Apple terminates Epic Games’ App Store account

Facebook ditches Apple IDs, warns its ad network is in jeopardy

Facebook ditches Apple IDs, warns its ad network is in jeopardy

That's right, with its newest app update, Facebook incorporated a feature that lets users buy tickets for events online, but made the mistake to put a warning saying that 30% of the proceeds will go to Apple, as the purchase is done on the iOS app.

In a statement to AppleInsider Friday, Apple confirmed that it had shut down the Epic developer account and that the game company would no longer be able to submit new apps or app updates to the App Store.

Current versions of the Mac operating system try to stop users opening any apps not checked by Apple, using a process called "notarising".

The bans mean Apple's Fortnite players will not be able to install the game or update it, although those with copies already installed will still be able to play, while Android users may still be able to launch the app through Epic's own launcher.

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But there's been no request made. "We know it now, and that's something for the future", he told Today. Flowers at Al Noor Mosque while the sentencing hearing of Brenton Harrison Tarrant took place.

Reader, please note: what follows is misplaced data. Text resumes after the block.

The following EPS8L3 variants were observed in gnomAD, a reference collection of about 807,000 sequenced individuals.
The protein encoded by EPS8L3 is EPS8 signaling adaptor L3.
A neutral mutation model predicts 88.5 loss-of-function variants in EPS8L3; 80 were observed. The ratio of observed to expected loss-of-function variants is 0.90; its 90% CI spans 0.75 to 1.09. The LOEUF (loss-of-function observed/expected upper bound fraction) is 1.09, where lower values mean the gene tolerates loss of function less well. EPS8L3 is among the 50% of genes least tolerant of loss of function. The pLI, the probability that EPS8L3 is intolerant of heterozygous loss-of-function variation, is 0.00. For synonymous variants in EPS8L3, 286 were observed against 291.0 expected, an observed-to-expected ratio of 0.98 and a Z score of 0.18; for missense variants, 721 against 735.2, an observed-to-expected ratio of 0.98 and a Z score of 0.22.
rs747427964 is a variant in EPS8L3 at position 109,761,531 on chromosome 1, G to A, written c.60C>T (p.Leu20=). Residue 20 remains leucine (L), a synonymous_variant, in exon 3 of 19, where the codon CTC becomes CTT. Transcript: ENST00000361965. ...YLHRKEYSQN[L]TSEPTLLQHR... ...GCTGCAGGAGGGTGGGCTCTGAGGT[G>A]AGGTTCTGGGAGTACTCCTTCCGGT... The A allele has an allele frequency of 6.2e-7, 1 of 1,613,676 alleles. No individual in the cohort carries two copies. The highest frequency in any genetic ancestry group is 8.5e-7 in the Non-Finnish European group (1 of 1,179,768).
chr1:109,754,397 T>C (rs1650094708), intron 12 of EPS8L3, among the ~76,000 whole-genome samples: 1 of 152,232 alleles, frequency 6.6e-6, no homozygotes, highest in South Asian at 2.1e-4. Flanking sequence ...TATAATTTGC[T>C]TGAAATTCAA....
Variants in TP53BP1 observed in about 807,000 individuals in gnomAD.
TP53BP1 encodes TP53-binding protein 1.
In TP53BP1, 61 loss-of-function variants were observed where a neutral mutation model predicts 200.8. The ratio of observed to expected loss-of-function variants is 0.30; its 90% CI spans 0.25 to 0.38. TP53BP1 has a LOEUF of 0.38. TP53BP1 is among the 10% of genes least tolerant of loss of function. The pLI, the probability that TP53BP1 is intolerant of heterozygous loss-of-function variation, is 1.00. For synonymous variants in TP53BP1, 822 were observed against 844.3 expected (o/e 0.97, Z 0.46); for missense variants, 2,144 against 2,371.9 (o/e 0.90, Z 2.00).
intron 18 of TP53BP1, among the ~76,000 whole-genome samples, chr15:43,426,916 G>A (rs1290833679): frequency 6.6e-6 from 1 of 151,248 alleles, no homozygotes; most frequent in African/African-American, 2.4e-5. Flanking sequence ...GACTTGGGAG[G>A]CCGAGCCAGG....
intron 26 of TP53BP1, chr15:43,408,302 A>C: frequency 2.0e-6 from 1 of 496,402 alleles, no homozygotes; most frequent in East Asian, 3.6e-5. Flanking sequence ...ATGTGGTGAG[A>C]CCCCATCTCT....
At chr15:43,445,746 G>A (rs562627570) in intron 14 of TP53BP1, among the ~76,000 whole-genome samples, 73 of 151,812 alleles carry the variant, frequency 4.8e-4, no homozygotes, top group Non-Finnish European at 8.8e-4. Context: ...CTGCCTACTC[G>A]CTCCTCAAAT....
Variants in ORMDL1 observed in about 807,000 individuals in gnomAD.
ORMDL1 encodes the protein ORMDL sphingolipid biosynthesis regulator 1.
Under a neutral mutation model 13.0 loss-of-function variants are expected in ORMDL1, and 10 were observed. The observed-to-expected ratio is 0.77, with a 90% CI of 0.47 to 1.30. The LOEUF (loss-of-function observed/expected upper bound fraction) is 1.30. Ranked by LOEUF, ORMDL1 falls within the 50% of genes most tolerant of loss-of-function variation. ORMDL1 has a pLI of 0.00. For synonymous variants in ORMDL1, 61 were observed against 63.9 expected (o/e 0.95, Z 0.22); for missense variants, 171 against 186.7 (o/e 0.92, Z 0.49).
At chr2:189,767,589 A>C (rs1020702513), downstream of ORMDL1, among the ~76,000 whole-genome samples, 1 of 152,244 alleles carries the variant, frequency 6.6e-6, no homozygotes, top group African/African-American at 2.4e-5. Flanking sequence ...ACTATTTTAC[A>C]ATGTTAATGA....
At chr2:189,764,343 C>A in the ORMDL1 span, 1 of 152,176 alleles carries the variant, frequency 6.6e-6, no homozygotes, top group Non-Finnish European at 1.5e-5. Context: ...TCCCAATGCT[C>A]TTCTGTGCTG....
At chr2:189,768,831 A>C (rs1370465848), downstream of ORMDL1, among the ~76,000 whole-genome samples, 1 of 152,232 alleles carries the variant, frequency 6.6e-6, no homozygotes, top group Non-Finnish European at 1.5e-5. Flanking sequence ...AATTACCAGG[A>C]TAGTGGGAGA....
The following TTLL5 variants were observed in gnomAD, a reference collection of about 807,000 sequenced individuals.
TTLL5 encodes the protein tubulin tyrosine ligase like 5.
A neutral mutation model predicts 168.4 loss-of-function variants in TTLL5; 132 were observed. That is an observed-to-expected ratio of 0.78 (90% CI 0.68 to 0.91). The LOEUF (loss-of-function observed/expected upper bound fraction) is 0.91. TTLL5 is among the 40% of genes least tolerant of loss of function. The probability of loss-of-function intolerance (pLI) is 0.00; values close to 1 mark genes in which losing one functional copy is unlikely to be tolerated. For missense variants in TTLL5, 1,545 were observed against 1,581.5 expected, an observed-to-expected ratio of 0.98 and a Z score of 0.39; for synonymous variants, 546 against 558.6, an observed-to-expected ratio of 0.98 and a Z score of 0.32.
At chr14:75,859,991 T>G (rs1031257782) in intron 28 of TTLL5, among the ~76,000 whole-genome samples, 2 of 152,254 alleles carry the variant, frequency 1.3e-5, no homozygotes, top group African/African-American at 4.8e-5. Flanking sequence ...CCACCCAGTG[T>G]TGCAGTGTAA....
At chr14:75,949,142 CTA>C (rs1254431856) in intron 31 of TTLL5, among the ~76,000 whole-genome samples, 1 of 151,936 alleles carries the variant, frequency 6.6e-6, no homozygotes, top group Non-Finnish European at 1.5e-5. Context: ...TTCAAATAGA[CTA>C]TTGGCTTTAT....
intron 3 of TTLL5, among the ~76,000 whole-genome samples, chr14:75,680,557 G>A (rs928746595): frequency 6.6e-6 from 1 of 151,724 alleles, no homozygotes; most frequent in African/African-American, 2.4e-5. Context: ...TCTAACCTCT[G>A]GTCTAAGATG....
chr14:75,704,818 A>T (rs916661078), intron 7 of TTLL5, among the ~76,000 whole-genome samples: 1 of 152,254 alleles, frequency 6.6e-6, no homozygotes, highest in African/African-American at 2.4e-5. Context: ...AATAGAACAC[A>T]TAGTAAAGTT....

Apple chose to remove Fortnite from its storefront, in retaliation to the games behemoth adding a new payment option which would prevent the tech firm from taking its 30 per cent commission. Apple has since responded to the ruling placed by judge Gonzalez-Rogers, thanking her "for recognising that Epic's problem is entirely self-inflicted and is in their own power to resolve".

However, as Fidji Simo, head of Facebook's app, noted at the time, events conducted over iOS devices would still be subject to Apple's 30% tax. Epic responded by suing Apple and Google, which booted Fornite off its Play Store for the same reason. In the mid-August blog announcing the paid events feature, Facebook pledged to not charge any fees through the feature for "at least the next year".

Today we're launching the ability for businesses, creators, educators and media publishers to earn money from online events on Facebook.

"We asked Apple to reduce its 30% App Store tax or allow us to offer Facebook Pay so we could absorb all costs for businesses struggling during COVID-19", Simo explained in a post. "Unfortunately, they dismissed both our requests and SMBs will only be paid 70% of their hard-earned revenue".

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